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What Is an Essential Question?
Nov 15, 2007
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What is an essential question? An essential question is – well, essential: important, vital, at the heart of the matter – the essence of the issue. Think of questions in your life that fit this definition – but don’t just yet think about it like a teacher; consider the question as a thoughtful adult. What kinds of questions come to mind? What is a question that any thoughtful and intellectually-alive person ponders and should keep pondering?

In Understanding by Design we remind readers that “essential” has a few different connotations: 

One meaning of “essential” involves important questions that recur throughout one’s life. Such questions are broad in scope and timeless by nature. They are perpetually arguable – What is justice?  Is art a matter of taste or principles? How far should we tamper with our own biology and chemistry?  Is science compatible with religion? Is an author’s view privileged in determining the meaning of a text? We may arrive at or be helped to grasp understandings for these questions, but we soon learn that answers to them are invariably provisional. In other words, we are liable to change our minds in response to reflection and experience concerning such questions as we go through life, and that such changes of mind are not only expected but beneficial. A good education is grounded in such life-long questions, even if we sometimes lose sight of them while focusing on content mastery. The big-idea questions signal that education is not just about learning “the answer” but about learning how to learn.  

A second connotation for “essential” refers to key inquiries within a discipline. Essential questions in this sense are those that point to the big ideas of a subject and to the frontiers of technical knowledge. They are historically important and very much “alive” in the field. “What is healthful eating?” engenders lively debate among nutritionists, physicians, diet promoters, and the general public. “Is any history capable of escaping the social and personal history of its writers?” has been widely and heatedly debated among scholars for the past fifty years, and compels novices and experts alike to ponder potential bias in any historical narrative.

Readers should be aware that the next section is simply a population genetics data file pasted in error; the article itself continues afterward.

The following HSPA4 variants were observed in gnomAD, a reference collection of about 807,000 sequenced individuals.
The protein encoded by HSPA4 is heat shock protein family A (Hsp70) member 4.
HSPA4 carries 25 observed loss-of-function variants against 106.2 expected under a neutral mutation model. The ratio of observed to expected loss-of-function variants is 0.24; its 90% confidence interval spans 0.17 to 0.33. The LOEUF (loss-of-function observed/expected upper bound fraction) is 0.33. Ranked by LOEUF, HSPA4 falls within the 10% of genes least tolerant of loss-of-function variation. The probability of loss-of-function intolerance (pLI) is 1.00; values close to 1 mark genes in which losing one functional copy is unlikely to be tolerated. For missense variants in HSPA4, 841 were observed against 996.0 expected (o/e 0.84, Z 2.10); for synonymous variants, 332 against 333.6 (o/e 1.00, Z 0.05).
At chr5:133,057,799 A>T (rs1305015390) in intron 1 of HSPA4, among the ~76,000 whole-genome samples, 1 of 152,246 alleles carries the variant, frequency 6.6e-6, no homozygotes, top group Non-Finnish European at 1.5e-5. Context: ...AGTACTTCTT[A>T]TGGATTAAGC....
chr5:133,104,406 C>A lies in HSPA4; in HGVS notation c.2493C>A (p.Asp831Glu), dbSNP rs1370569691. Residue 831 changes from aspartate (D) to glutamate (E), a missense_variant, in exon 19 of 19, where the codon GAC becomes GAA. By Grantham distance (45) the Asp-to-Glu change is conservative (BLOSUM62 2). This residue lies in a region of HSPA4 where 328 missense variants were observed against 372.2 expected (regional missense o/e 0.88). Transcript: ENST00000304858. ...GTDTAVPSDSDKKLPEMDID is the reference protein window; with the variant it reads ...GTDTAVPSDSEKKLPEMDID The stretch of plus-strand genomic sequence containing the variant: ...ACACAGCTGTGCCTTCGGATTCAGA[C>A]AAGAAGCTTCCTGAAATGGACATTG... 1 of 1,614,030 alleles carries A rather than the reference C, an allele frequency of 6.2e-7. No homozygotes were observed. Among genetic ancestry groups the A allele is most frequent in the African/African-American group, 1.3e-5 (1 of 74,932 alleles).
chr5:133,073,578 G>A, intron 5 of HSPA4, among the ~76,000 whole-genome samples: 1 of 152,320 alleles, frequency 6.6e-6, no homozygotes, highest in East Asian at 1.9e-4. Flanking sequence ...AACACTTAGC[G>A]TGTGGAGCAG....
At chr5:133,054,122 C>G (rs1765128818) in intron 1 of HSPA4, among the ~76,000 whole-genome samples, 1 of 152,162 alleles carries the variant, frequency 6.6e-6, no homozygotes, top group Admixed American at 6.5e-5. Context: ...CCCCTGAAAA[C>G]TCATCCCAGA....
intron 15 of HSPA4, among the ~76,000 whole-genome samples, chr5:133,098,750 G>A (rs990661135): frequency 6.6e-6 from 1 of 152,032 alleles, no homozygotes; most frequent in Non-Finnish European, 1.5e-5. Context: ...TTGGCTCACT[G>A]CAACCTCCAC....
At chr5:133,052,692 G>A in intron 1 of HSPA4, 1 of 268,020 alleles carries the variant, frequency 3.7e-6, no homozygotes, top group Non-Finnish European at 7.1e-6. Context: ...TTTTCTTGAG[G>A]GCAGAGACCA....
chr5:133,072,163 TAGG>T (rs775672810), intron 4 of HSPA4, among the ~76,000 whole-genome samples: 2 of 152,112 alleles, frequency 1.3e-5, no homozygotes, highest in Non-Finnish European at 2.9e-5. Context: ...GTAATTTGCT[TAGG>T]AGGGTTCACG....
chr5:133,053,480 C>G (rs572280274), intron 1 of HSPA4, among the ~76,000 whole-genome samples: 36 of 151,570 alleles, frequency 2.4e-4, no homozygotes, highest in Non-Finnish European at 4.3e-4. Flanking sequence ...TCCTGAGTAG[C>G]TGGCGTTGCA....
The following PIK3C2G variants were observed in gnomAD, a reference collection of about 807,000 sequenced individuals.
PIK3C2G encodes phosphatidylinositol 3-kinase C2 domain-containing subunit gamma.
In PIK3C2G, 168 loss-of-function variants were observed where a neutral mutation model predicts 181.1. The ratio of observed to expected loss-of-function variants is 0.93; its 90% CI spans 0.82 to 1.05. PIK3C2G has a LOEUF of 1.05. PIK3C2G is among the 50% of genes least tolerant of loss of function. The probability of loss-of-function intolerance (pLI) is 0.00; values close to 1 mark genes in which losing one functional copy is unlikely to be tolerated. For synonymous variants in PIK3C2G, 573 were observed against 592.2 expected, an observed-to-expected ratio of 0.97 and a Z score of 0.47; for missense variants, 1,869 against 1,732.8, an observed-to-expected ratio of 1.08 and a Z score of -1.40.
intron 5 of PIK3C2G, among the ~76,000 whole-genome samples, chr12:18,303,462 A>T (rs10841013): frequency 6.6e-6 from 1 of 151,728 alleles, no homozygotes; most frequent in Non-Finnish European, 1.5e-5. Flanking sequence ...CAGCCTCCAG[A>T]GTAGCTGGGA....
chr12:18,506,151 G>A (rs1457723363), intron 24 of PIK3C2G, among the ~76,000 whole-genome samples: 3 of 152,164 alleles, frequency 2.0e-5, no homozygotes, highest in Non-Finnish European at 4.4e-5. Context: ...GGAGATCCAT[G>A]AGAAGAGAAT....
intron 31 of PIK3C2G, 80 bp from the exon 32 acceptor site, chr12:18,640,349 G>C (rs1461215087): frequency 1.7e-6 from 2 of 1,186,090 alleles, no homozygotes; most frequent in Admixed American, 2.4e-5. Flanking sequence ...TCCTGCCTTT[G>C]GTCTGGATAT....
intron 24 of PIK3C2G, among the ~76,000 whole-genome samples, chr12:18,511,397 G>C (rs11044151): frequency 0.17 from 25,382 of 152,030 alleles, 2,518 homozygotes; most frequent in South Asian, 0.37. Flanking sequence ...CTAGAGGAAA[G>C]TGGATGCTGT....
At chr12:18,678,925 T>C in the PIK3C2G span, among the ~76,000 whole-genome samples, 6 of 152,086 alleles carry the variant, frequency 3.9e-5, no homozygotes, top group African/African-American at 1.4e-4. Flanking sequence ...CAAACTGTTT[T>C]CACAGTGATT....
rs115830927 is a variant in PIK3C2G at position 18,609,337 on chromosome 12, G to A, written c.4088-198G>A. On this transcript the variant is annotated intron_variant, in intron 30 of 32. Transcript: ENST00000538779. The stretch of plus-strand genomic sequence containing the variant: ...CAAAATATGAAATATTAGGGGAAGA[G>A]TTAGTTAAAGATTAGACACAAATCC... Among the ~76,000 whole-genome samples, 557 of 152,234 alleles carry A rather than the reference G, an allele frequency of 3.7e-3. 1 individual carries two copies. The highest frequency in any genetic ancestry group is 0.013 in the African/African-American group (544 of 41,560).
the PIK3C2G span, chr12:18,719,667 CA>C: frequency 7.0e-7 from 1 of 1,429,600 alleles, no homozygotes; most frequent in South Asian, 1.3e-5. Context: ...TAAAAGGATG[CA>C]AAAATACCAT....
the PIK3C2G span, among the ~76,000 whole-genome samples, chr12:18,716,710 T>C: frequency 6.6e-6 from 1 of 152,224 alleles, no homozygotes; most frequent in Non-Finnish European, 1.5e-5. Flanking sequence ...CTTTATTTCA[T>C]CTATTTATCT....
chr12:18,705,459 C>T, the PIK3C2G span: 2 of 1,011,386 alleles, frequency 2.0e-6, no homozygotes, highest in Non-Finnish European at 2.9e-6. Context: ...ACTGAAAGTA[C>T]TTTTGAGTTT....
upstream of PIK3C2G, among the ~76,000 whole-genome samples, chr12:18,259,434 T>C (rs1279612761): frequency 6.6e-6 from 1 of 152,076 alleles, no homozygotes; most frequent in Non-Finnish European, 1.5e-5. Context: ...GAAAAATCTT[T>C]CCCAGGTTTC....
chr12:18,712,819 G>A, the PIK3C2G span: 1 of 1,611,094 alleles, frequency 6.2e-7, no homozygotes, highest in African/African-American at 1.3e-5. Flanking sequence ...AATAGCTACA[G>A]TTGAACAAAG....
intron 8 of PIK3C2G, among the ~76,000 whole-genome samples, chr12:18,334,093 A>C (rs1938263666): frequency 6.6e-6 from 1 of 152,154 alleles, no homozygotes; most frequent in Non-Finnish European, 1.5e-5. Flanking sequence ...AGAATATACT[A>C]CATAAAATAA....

There is a third important connotation for the term “essential” that refers to what is needed for learning core content. In this sense, a question can be considered essential when it helps students make sense of important but complicated ideas, knowledge, and know-how – findings that may be understood by experts, but not yet grasped or seen as valuable by the learner. In what ways does light act wave-like? How do the best writers hook and hold their readers? What models best describe a business cycle? By actively exploring such questions, the learner is helped to arrive at important understandings as well as greater coherence in their content knowledge and skill.

A question is essential when it: 

  1. causes genuine and relevant inquiry into the big ideas and core content;
  2. provokes deep thought, lively discussion, sustained inquiry, and new understanding as well as more questions;
  3. requires students to consider alternatives, weigh evidence, support their ideas, and justify their answers;
  4. stimulates vital, on-going rethinking of big ideas, assumptions, and prior lessons;
  5. sparks meaningful connections with prior learning and personal experiences;
  6. naturally recurs, creating opportunities for transfer to other situations and subjects.

Here is a variety of subject-area examples of such questions:

How well can fiction reveal truth?

  • Why did that particular species/culture/person thrive and that other one barely survive or die? 
  • How does what we measure influence how we measure? How does how we measure influence what we measure?